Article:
The Virtual Institute – High Productivity Supercomputing Celebrates 10th Anniversary

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The Virtual Institute – High Productivity Supercomputing celebrated its 10th anniversary in June at a workshop held in Seeheim, Germany.

“The mission of the Virtual Institute – High Productivity Supercomputing (VI-HPS) is to improve the quality and accelerate the development process of complex simulation codes in science and engineering that are being designed to run on highly-parallel computer systems. For this purpose, we are developing integrated state-of-the-art programming tools for high-performance computing that assist programmers in diagnosing programming errors and optimizing the performance of their applications.”

The perpetual focus on hardware performance as a primary success metric in high-performance computing often diverts attention from the role of people in the process of producing application output. But it is ultimately this output and the rate at which it can be delivered, in other words the productivity of HPC, which justifies the huge investments in this technology. However, the time needed to come up with a specific result or the “time to solution”, which it is often called, depends on many factors, including the speed and quality of software development. This is one of the solution steps where people play a major role. Obviously, their productivity can be enhanced with tools such as debuggers and performance profilers, which help them to find and eliminate errors or diagnose and improve performance.

Ten years ago, the Virtual Institute – High Productivity Supercomputing (VI-HPS) was created exactly with this goal in mind. Application developers should be able
to focus on the science to accomplish instead of having to spend major portions of their time solving problems related to their software. With initial funding from the Helmholtz Association, the umbrella organization of the major national research laboratories in Germany, the institute was founded on the initiative of Forschungszentrum Jülich together with RWTH Aachen University, Technische Universität Dresden, and the University of Tennessee.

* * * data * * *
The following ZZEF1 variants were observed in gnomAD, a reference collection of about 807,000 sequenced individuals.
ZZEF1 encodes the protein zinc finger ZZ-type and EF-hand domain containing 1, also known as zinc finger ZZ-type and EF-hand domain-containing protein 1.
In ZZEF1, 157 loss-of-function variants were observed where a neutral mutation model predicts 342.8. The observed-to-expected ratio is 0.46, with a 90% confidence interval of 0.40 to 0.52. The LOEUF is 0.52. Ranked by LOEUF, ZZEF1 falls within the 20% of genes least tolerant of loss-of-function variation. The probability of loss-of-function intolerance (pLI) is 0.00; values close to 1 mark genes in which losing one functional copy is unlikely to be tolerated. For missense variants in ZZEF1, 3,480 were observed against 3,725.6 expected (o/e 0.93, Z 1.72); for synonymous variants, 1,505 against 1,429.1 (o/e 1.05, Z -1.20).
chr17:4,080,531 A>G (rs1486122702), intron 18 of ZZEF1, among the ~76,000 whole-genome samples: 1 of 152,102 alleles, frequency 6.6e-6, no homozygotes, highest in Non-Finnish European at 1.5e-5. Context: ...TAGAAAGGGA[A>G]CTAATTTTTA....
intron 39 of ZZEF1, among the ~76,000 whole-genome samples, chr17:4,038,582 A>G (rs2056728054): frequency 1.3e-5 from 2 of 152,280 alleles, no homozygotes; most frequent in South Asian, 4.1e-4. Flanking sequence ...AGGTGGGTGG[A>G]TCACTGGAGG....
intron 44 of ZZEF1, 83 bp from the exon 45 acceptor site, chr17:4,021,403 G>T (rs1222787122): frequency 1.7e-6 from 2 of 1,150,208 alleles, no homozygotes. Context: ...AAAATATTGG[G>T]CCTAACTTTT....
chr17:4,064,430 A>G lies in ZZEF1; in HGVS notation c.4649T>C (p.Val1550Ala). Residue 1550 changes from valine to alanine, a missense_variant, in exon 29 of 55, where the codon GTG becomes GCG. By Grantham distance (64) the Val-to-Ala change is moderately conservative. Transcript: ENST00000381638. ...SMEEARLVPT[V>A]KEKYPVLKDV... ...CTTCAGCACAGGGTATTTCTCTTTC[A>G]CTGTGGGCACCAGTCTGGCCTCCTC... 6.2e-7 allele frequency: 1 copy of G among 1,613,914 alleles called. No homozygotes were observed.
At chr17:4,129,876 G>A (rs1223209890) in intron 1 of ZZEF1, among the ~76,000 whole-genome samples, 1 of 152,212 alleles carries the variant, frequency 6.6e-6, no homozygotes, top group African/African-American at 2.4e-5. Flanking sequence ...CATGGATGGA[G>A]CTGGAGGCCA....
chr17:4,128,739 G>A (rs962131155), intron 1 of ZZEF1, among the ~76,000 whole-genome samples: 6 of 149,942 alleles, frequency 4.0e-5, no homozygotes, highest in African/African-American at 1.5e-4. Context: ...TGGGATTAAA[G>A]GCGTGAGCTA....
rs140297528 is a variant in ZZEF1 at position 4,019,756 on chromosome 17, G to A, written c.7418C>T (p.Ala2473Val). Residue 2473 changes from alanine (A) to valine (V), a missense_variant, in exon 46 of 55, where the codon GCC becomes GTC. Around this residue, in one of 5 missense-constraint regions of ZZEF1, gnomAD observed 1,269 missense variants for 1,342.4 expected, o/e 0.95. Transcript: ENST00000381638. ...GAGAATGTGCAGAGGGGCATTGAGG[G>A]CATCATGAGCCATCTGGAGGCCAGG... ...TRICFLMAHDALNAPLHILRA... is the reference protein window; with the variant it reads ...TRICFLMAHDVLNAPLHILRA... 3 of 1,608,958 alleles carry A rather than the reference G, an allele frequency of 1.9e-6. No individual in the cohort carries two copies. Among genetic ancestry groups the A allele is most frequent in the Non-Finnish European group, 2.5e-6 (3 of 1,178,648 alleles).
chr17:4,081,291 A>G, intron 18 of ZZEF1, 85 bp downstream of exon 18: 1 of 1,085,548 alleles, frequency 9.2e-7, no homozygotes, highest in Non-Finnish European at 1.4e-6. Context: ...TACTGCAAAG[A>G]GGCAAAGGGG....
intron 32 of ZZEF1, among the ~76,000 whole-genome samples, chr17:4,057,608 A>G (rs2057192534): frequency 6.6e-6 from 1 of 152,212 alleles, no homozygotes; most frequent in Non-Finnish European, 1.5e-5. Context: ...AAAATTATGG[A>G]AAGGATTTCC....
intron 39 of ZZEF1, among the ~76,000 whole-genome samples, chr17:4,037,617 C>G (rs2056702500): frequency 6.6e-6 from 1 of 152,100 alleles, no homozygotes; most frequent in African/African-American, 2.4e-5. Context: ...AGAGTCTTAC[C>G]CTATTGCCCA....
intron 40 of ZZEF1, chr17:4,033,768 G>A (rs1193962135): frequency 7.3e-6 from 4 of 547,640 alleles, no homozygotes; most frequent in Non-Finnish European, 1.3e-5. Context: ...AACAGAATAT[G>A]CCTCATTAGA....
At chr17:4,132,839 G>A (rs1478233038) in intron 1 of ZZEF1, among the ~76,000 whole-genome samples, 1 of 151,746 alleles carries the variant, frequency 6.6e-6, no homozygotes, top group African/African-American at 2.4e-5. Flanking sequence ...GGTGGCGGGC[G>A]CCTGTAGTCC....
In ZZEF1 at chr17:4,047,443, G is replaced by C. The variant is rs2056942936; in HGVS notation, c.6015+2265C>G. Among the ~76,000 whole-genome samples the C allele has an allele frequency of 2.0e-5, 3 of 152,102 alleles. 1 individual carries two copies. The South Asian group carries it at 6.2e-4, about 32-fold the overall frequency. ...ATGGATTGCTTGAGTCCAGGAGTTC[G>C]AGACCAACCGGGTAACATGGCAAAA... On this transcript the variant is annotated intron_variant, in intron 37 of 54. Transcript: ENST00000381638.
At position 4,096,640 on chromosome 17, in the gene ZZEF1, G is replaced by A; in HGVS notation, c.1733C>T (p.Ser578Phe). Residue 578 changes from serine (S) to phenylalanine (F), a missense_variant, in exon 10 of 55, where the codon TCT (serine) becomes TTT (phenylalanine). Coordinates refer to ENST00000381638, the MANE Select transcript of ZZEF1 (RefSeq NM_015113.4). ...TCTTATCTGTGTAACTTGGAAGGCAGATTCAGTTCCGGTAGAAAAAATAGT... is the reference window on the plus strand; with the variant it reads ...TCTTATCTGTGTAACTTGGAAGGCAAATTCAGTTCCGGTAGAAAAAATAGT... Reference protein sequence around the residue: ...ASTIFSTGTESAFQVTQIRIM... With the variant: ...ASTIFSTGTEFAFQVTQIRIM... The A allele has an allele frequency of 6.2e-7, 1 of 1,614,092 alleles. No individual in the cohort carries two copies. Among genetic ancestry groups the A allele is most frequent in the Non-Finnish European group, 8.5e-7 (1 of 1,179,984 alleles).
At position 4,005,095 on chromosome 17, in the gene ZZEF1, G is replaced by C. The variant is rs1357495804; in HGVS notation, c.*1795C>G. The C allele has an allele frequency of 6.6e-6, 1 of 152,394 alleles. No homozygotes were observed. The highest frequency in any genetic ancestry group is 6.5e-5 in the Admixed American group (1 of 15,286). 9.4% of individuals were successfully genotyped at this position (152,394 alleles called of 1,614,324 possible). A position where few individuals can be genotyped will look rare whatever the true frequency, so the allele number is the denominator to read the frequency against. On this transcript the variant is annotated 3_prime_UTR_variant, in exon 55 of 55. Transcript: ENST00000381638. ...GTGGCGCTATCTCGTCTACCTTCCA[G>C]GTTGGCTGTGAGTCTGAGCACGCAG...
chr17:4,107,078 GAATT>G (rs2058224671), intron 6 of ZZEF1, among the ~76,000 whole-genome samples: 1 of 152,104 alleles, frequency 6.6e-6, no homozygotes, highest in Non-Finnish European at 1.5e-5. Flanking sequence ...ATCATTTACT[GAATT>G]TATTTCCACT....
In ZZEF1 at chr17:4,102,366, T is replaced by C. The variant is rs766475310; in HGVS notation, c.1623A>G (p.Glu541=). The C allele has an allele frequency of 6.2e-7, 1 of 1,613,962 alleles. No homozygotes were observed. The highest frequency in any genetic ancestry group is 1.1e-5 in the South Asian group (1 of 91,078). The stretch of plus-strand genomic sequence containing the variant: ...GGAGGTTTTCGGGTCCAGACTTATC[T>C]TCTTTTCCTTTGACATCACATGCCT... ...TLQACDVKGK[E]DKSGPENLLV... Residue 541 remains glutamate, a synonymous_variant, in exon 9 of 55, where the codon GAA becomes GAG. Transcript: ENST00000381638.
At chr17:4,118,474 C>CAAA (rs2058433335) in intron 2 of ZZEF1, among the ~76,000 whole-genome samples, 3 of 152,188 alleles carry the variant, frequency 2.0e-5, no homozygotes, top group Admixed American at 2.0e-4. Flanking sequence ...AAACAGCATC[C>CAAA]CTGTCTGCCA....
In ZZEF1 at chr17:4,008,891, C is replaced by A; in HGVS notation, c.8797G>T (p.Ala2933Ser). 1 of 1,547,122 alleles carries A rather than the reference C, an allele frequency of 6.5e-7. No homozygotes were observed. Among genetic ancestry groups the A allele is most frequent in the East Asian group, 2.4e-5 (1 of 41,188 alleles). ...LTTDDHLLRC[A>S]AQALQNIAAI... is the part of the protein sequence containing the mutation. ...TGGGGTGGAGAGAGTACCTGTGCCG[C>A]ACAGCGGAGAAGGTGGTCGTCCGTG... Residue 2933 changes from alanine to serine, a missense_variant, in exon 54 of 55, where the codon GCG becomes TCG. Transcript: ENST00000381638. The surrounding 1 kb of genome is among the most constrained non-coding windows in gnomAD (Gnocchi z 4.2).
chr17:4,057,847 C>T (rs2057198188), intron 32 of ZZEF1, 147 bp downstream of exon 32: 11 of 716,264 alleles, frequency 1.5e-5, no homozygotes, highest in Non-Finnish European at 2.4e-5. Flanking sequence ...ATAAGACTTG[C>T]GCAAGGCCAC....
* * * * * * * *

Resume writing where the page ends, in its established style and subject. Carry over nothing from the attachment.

Since then, the members of the institute have developed powerful programming tools, in particular for the purpose of analyzing HPC application correctness and performance, which are today used across the globe. Major emphasis was given to the definition of common interfaces and exchange formats between these tools to improve the interoperability between them and lower their development cost. A series of international tuning workshops and tutorials taught hundreds of application developers how to use them. Finally, the institute organized numerous academic workshops to foster the HPC tools community and offer especially young researchers a forum to present novel program analysis methods. Today, the institute encompasses twelve member organizations from five countries.

At the June 23 Workshop, Anshu Dubey from Argonne National Laboratory, one of the keynote speakers, explained that in HPC usually all parts of the software are under research, an important difference to software development in many other areas, leading to an economy of incentives where pure development is often not appropriately rewarded. In his historical review, Felix Wolf from TU Darmstadt, the spokesman of VI-HPS, looked back on important milestones such as the bylaws introduced to cover the rapid expansion of VI-HPS taking place a few years ago.

In another keynote, Satoshi Matsuoka from the Tokyo Institute of Technology /AIST, Japan highlighted the recent advances in artificial intelligence and Big Data analytics as well as the challenges this poses for the design of future HPC systems. Finally, all members of VI-HPS presented their latest productivity-related research and outlined their future strategies.

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